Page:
Under the supervision and with the participation of our management, including our Chief Executive Officer and Chief Financial Officer, we conducted an evaluation of our disclosure controls and procedures, as such, term is defined under Rule 13a-15(e) promulgated under the Exchange Act.  Based on this evaluation, our Chief Executive Officer and our Chief Financial Officer concluded that our disclosure controls and procedures were effective as of the end of the period covered by this annual report.

56

Management's Report on Internal Control Over Financial Reporting

(a)

Management's report on internal control over financial reporting

Our management is responsible for establishing and maintaining adequate internal control over financial reporting, as such term is defined in Exchange Act Rule 13a-15(f).  Under the supervision and with the participation of our management, including our Chief Executive Officer and Chief Financial Officer, we conducted an evaluation of the effectiveness of our internal control over financial reporting based on the Internal Control – Integrated Framework (2013) issued by the Committee of Sponsoring Organizations of the Treadway Commission.  Based on our evaluation under such framework, our management concluded that our internal control over financial reporting as of December 31, 2015 was effective.

Because of its inherent limitations, internal control over financial reporting may not prevent or detect misstatements. Also, projections of any evaluation of effectiveness to future periods are subject to the risk that controls may become inadequate because of changes in conditions, or that the degree of compliance with the policies or procedures may deteriorate.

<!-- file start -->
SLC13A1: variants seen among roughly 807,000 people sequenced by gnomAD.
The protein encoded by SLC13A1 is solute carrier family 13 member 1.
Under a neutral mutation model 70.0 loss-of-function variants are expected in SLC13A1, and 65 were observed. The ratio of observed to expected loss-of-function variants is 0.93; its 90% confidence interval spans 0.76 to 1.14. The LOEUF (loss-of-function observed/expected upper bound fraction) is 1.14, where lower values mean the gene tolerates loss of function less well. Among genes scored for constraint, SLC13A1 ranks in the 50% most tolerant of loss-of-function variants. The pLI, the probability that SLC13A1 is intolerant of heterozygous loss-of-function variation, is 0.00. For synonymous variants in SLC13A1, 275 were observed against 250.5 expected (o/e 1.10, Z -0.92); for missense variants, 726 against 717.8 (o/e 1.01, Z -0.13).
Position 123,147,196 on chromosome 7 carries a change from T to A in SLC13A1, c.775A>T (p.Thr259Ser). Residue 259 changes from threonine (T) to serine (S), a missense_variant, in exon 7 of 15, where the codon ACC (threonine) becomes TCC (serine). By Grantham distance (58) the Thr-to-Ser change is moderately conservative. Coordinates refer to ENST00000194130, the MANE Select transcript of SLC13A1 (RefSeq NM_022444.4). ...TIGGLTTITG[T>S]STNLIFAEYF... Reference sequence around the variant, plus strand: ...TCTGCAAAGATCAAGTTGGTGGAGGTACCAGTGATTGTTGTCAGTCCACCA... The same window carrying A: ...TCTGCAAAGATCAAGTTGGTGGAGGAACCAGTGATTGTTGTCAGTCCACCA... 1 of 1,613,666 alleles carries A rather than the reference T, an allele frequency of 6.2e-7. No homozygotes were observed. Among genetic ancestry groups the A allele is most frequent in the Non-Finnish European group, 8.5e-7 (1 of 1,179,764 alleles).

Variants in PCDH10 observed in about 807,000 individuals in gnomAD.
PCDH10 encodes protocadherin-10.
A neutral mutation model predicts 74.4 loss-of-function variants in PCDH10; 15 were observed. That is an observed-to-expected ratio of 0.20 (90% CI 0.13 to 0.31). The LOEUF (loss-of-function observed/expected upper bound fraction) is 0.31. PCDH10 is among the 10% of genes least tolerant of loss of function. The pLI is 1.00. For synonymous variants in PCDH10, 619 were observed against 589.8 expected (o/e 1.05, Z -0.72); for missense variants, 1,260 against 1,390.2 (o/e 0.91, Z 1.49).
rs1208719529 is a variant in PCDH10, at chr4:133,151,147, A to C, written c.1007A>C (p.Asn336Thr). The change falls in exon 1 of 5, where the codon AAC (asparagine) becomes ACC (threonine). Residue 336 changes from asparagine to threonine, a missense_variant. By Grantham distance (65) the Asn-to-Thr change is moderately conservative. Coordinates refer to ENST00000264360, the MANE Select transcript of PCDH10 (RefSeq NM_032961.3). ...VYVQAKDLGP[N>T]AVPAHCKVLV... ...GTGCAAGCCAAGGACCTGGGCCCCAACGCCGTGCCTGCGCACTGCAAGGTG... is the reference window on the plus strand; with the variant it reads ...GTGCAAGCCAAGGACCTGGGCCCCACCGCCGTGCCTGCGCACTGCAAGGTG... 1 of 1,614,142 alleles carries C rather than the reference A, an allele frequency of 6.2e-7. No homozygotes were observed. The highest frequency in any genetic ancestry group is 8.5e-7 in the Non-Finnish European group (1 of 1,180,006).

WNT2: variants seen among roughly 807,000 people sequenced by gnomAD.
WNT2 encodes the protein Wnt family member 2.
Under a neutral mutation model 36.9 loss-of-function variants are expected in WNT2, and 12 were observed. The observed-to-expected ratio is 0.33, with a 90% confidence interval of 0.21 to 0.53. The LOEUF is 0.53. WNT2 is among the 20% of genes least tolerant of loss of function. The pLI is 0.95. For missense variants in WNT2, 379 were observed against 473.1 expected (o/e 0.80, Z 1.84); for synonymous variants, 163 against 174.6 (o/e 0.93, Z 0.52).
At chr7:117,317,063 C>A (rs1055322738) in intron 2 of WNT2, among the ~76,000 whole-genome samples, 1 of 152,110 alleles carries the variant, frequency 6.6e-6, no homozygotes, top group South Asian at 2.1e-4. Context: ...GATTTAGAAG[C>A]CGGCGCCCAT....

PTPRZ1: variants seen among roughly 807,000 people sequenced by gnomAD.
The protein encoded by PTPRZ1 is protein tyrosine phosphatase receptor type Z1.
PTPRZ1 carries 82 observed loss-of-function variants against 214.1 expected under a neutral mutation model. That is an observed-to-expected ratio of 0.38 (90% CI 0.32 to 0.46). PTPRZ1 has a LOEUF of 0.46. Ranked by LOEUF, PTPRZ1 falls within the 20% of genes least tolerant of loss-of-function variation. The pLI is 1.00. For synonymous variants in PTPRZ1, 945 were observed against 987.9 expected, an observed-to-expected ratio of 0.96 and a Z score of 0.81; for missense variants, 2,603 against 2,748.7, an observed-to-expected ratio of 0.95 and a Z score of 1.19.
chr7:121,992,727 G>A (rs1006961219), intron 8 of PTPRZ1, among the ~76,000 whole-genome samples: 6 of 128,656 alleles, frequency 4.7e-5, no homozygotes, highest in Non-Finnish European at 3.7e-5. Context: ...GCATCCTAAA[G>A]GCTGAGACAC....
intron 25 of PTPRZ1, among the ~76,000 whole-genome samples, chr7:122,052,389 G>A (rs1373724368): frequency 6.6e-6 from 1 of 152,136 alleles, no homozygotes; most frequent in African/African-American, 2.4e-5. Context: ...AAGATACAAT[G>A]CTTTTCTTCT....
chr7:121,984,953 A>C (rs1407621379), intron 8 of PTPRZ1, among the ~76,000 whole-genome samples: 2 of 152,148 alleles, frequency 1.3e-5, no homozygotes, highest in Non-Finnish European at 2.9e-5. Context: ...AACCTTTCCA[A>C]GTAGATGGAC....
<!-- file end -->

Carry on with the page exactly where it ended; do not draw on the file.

Our Company's independent registered public accounting firm, KPMG LLP, has audited the effectiveness of our Company's internal control over financial reporting as of December 31, 2015, as stated in their report in item (b) below.

(b)

Attestation report of the registered public accounting firm

57

Report of Independent Registered Public Accounting Firm

The Board of Directors and Stockholders

The Navigators Group, Inc.

We have audited The Navigators Group Inc.'s internal control over financial reporting as of December 31, 2015, based on criteria established in Internal Control – Integrated Framework (2013) issued by the Committee of Sponsoring Organizations of the Treadway Commission. The Navigators Group Inc.'s management is responsible for maintaining effective internal control over financial reporting and for its assessment of the effectiveness of internal control over financial reporting, included in the accompanying Management's Report on Internal Control Over Financial Reporting. Our responsibility is to express an opinion on the Company's internal control over financial reporting based on our audit.

We conducted our audit in accordance with the standards of the Public Company Accounting Oversight Board (United States). Those standards require that we plan and perform the audit to obtain reasonable assurance about whether effective internal control over financial reporting was maintained in all material respects. Our audit included obtaining an understanding of internal control over financial reporting, assessing the risk that a material weakness exists, and testing and evaluating the design and operating effectiveness of internal control based on the assessed risk. Our audit also included performing such other procedures as we considered necessary in the circumstances. We believe that our audit provides a reasonable basis for our opinion.